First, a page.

COVINGTON, Ga. — Newton County's Board of Commissioners voted Monday to appoint a four-person committee to devise a plan by Dec. 7 for distributing nearly half the American Rescue Plan funds it has available — but only after two members walked out of the meeting amid repeated charges from one about uncaring colleagues and county officials.
Commissioners met Monday night in a special called meeting to discuss how to more quickly send $10.8 million in American Rescue Plan funds to those in need because of COVID-19-related issues over the past year.
At Chairman Marcello Banes' suggestion, the Board voted to name commissioners Stan Edwards of District 1 and Alana Sanders of District 3, County Manager Lloyd Kerr and County Attorney Patrick Jaugstetter to the committee.
Sanders and Commissioner J.C. Henderson of District 3 have pushed for months for devising a plan for immediate distribution of the federal funds the county has held since May.
Kerr has said the county needed to wait to receive U.S. Treasury Department guidelines for distributing the funds. He has warned the county may be required to repay whatever part of the $10.8 million it distributes if not done according to federal rules.
Henderson, with some members of the audience voicing their approval, said he wanted immediate distribution. Residents have come to his house asking for part of the money because they could not pay rent or utility bills because of COVID-related issues, he said.
"I'm not looking for a debate. I'm looking for some help," Henderson said.
He supported a plan to give each commissioner $1 million immediately to distribute in their respective districts. The highest priority should be getting money to those behind on rent and utility payments, he said.
But Commissioner Ronnie Cowan of District 5 said he wanted to see at least a "skeletal procedure in place" for distributing the money before he could support it.
Edwards said the greatest need in his heavily rural district was expansion of broadband service.
He suggested allowing members to give part of their $1 million shares to other commissioners if not needed for COVID-related back rent or late utility payments.
Jaugstetter suggested a plan for creating five different categories for distributing the money and then commissioners deciding how much of the $10.8 million to budget for each one.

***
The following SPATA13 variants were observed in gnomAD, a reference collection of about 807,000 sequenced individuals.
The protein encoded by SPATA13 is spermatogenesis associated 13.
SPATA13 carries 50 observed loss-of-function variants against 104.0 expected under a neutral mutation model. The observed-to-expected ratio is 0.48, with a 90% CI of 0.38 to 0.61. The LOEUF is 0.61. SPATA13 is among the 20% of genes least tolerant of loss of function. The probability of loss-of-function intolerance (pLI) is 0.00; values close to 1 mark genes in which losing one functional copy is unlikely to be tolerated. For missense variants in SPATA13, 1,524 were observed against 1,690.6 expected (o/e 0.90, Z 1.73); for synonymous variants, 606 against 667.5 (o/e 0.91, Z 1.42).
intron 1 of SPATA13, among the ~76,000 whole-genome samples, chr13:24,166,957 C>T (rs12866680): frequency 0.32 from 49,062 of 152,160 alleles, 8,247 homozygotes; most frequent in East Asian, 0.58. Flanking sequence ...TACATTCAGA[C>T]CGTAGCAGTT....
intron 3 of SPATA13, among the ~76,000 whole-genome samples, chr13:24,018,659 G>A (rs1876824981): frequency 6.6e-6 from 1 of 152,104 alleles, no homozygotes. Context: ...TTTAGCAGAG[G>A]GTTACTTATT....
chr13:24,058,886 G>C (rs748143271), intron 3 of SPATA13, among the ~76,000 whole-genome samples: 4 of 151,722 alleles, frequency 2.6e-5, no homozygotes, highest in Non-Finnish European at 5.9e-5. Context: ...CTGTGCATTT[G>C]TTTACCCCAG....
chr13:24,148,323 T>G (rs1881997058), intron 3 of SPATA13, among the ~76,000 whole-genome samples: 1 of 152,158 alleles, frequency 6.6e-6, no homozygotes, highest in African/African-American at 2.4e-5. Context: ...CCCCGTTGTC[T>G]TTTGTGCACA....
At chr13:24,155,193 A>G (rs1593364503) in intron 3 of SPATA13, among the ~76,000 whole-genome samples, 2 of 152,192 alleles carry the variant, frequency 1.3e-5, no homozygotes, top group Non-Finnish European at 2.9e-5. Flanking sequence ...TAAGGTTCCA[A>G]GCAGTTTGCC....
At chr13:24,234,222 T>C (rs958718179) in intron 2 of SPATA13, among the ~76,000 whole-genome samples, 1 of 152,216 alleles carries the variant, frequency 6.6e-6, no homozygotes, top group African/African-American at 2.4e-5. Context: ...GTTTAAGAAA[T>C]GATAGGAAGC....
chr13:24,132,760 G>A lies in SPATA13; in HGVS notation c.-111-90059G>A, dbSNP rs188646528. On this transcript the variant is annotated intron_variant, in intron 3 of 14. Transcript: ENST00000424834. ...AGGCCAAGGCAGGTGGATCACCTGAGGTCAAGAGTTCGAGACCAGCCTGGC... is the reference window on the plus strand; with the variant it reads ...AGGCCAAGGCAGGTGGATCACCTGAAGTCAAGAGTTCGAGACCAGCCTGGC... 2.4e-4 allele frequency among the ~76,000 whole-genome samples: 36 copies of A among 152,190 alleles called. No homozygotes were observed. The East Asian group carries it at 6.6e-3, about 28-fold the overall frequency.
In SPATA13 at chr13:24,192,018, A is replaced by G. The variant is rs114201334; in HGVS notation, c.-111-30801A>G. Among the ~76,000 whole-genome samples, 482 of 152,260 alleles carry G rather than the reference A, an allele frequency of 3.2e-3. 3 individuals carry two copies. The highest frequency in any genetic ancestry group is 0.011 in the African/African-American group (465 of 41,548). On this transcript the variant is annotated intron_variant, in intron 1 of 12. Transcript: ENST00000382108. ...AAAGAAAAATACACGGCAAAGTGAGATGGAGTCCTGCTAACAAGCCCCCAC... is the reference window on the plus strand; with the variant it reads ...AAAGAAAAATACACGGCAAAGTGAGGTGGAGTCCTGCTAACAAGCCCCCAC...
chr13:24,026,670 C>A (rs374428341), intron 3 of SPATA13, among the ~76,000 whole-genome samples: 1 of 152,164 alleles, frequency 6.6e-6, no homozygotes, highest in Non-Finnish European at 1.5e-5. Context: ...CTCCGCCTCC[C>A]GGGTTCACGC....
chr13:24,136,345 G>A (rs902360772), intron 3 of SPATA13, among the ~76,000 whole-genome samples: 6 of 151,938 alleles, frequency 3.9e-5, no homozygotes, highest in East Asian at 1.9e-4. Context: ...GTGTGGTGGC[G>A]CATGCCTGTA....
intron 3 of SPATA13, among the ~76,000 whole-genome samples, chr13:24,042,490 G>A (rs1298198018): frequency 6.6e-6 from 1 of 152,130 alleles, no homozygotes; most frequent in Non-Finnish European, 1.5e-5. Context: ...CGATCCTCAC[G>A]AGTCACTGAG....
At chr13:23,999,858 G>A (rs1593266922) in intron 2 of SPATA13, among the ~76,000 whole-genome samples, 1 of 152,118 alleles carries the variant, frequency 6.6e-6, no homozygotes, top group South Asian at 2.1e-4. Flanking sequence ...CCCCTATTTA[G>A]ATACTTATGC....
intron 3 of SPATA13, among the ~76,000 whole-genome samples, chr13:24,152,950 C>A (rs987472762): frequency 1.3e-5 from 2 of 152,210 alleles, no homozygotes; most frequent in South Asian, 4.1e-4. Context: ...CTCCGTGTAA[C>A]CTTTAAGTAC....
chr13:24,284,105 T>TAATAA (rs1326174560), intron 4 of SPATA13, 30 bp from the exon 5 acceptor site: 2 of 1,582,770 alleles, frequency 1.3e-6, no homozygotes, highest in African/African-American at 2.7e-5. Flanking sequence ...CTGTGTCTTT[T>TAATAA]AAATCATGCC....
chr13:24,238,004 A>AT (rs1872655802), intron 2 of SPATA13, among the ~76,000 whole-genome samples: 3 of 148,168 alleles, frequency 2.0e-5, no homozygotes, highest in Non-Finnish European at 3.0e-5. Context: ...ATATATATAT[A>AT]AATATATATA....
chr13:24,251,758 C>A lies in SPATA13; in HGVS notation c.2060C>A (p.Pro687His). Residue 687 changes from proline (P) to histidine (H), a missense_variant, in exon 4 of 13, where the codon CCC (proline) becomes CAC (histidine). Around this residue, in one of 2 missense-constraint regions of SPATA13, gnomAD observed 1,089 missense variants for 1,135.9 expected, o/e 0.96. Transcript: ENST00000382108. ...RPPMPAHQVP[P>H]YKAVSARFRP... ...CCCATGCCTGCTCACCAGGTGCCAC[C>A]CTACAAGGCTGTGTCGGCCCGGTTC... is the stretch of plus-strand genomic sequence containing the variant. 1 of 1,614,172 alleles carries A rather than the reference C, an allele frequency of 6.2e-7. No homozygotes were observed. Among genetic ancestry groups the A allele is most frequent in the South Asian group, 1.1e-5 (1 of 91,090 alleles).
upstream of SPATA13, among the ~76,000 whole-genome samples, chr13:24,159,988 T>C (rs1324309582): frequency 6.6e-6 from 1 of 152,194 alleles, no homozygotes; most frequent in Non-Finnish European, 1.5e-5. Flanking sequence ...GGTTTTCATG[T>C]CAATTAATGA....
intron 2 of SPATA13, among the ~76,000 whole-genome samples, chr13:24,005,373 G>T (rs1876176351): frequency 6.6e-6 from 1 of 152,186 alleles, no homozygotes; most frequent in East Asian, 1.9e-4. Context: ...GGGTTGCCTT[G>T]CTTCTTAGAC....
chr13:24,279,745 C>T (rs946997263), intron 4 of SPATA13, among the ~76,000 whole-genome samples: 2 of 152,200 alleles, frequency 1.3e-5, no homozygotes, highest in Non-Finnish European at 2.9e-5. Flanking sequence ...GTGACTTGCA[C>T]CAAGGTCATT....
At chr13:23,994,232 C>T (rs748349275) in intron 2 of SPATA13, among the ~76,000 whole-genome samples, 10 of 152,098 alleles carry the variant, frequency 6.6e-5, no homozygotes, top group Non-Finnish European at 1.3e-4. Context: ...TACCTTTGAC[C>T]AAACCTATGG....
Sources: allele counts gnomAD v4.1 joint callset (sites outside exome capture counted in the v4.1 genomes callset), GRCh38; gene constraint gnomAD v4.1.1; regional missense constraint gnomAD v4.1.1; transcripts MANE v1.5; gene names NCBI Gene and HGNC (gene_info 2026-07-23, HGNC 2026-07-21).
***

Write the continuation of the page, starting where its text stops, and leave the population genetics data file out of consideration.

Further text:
Henderson said he believed "we're making it too complicated."
He said County Manager Lloyd Kerr has given "a lot of excuses" over the past five months why the money could not be distributed immediately as some other nearby counties have done.
"It shouldn't be hard — it should be easy," Henderson said.
Henderson also repeated his harsh public and sometimes personal criticism of Kerr from meetings of recent months — telling him it was "supposed to be your job to do whatever we ask you to do" and not "several months from now."
He also repeated his suggestion that former longtime county attorney Tommy Craig be hired to assist Kerr with distribution.
The Board fired Craig in 2015 amid allegations related to a plan for construction of a south Newton reservoir for which millions were spent before it ultimately was abandoned. However, Craig continued as attorney for the sheriff's office and tax commissioner.
Kerr acknowledged his job was doing what the Board of Commissioners asked him to do.
"How I get that done is up to me," Kerr said.
He added he wanted to wait to hire an outside manager to administer the distribution — including making sure those receiving the money are qualified according to federal guidelines.
Kerr also said 110 potential program managers had replied to the request for proposals (RFP) he placed online and in the county legal organ.
After Henderson, a Democrat, said Republicans wanted to delay sending the money to residents immediately rather than waiting on a method for doing so, Cowan walked out as Henderson spoke.
Then, when Banes said he also believed a more organized plan was needed, Henderson walked out — leaving three commissioners to vote to approve a special committee to study the issue and make a recommendation at the Board's Dec. 7 meeting.
During a citizen comments part at the end of the meeting, almost all — including District 113 State Rep. Sharon Henderson, D-Covington — criticized the Board for not taking immediate action to distribute the funds.
Her husband, Jerome Henderson, said he believed it was "time for a change" and would work for future candidates opposing some Board members.
"You're giving money to your buddies, your friends. You should give it to the people," Jerome Henderson said.
"You've got big ol' houses, big cars," he said. "Guess what? I do, too, but I'm for the people."